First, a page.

Once upon a time in East Germany, an alternate branch of the evolution of the synthesizer and the organ came into being. And now it has a second chance to capture imaginations.

The Subharchord was the DDR-era invention of engineer Enrst Schreiber, first designed in 1958. It was an original production but inspired by Oskar Sala’s so-called Mixtur-Trautonium. State backing came from the unlikely goal of serving as a commercial rival to the Hammond organ, thus bringing revenue to the cash-strapped Communist nation. Unfortunately, practicality and politics intervened. But that’s not to say the Subharchord wasn’t ahead of its time – and due for a new look.

Das Filter, the excellent German-language site on music and culture, gets up close and personal with the Subharchord in a new film. It features historian Manfred Miersch, speaking in German but with English subtitles.

Like Sala’s earlier creation, the notion was to mix subharmonic frequencies. The DDR creation was essentially that concept made mass market-friendly (in theory, anyway). So a traditional keyboard replaced a tricky touch interface, which provided glissandi but at the expense of playability. The Subharchord keyboard even featured pressure sensitivity, a rarity in the day for an electronic instrument.

And the sound – even in 2016 – is something special. Instead of adding harmonics, you divide fundamentals. The Subharchord features gorgeous filters and a unique sound source, and accordingly produced experimental records that sound striking today.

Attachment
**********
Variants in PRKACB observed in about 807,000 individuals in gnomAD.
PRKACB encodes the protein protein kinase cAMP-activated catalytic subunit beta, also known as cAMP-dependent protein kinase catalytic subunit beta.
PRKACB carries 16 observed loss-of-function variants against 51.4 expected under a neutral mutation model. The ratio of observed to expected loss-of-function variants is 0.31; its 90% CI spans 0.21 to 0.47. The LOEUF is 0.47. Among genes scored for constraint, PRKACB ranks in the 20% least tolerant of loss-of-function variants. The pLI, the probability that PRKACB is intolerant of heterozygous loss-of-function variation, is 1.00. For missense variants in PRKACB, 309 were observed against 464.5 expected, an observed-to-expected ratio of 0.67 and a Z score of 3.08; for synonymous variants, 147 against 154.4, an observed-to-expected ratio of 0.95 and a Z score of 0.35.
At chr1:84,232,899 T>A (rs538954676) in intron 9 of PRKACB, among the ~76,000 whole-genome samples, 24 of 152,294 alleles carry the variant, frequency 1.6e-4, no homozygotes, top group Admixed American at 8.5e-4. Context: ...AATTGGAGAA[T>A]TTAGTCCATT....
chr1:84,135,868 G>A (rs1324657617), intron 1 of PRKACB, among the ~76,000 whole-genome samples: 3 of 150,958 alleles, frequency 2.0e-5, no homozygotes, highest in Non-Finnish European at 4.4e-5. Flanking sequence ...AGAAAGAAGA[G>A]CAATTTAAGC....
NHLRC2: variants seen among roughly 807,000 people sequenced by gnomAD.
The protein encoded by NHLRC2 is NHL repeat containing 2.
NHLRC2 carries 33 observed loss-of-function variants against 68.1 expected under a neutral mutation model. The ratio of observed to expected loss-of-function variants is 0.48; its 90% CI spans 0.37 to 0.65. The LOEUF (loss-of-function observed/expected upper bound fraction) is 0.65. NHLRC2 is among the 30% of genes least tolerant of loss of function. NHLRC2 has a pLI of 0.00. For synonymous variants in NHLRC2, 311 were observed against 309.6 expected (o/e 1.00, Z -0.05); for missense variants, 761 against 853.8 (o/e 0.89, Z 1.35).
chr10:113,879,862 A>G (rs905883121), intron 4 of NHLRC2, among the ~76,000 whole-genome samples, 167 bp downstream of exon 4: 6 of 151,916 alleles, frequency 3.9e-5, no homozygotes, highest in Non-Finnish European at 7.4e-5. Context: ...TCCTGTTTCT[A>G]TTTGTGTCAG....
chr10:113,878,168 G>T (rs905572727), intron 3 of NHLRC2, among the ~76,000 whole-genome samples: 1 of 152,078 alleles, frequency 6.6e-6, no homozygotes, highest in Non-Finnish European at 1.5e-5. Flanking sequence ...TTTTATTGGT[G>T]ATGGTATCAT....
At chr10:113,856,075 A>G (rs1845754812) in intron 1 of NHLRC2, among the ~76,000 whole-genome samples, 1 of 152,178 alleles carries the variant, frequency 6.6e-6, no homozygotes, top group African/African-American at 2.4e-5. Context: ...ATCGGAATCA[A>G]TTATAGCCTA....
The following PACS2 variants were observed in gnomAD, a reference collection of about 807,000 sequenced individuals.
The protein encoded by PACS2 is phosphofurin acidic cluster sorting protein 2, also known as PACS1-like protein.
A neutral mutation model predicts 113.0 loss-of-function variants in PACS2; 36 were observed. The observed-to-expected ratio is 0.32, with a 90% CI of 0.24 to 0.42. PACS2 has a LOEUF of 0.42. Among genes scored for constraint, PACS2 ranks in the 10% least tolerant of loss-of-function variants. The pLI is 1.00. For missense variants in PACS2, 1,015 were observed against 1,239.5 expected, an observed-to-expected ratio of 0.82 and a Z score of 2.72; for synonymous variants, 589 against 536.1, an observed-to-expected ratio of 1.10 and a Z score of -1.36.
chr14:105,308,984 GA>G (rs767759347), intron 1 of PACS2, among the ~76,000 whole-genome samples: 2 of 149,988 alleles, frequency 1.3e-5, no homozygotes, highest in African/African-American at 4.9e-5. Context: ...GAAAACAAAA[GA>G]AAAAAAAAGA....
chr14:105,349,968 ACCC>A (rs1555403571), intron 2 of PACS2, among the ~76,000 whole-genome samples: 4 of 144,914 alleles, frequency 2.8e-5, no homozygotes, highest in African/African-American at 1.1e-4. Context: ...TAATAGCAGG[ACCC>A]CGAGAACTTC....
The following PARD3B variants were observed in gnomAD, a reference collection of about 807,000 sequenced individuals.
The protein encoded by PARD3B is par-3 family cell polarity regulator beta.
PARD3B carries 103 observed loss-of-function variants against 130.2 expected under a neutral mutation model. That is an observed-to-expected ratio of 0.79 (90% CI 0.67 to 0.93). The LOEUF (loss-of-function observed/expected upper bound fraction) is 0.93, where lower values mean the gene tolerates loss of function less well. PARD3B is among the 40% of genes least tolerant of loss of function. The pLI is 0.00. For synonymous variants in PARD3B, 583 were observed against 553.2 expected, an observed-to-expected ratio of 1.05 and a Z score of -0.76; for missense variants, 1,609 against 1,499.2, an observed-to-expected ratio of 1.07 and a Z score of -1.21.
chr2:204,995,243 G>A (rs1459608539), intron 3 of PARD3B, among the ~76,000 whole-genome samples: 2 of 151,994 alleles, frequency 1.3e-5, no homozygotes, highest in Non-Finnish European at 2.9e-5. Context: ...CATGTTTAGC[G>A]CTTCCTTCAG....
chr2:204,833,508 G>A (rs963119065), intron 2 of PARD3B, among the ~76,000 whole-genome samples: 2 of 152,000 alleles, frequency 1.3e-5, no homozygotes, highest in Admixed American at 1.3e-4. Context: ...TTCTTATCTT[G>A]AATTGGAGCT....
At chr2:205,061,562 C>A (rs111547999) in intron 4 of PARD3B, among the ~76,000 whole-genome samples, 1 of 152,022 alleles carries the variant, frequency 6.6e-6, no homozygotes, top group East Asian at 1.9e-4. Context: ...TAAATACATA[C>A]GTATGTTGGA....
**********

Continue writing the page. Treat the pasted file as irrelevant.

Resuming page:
The tone is at once organic and organ-like, pure in an eerie, otherworldly way – alien sounds from an alternate universe of synthesizers. It sounds like baroque music might sound if Bach came from Jupiter – and then can be adjusted to produce frighteningly cool industrial rhythms. And the front panel itself is something of a marvel – providing hands-on control via massive dials that seem like they’d be at home in a power plant control center.

Full article from Das Filter (German):
Das Filter TV: Subharchord
Auf den Spuren eines vergessenen Instruments

A Norwegian-based production is preparing a documentary on the instrument and its evolution, originally planned for release last year, under the direction of filmmaker Ina Pillat. (It’s delayed in the way that all such documentary projects are invariably delayed, but the latest updates from their Facebook page suggest progress.) That trailer is watching – if for no other reason than groovy DDR cosmonaut scifi happening.

The Subharchord – a Child of the Golden Age from Ina Pillat on Vimeo.

(See also the production house site for the film.)

In 2013, Biosphere and The Pitch produced an ethereal concert on the Subharchord for CTM Festival, in the main concert hall of the Funkhaus, the massive Communist-constructed studio complex that birthed the instrument. Stefan Schneider (of the band To Rococo Rot) and Carsten Nicolai (of raster-noton fame) played, as well. I was there; it was absolutely unreal. Here’s some video, reflecting the lovely orchestration they found for it as accompaniment:

Biosphere and The Pitch – The Subharchord concert (excerpt), at CTM February 2nd 2013 from Atelier Nord on Vimeo.

Lots more to read in German:

Das Subharchord [RundfunkSchätze]

And freesound has a freely licensed sound pack sampled from the instrument surviving in Vienna.


Now, if you’re like me, watching this makes you want to dive into some synthesizers and start messing about with subharmonic sources. Let us know how you fare – and if you’ve seen software creations that do just this.

Meanwhile, the instrument is a thing of beauty.

MAIN (0-01-08-04)

MAIN (0-01-24-02)

MAIN (0-04-34-18)

MAIN (0-07-27-03)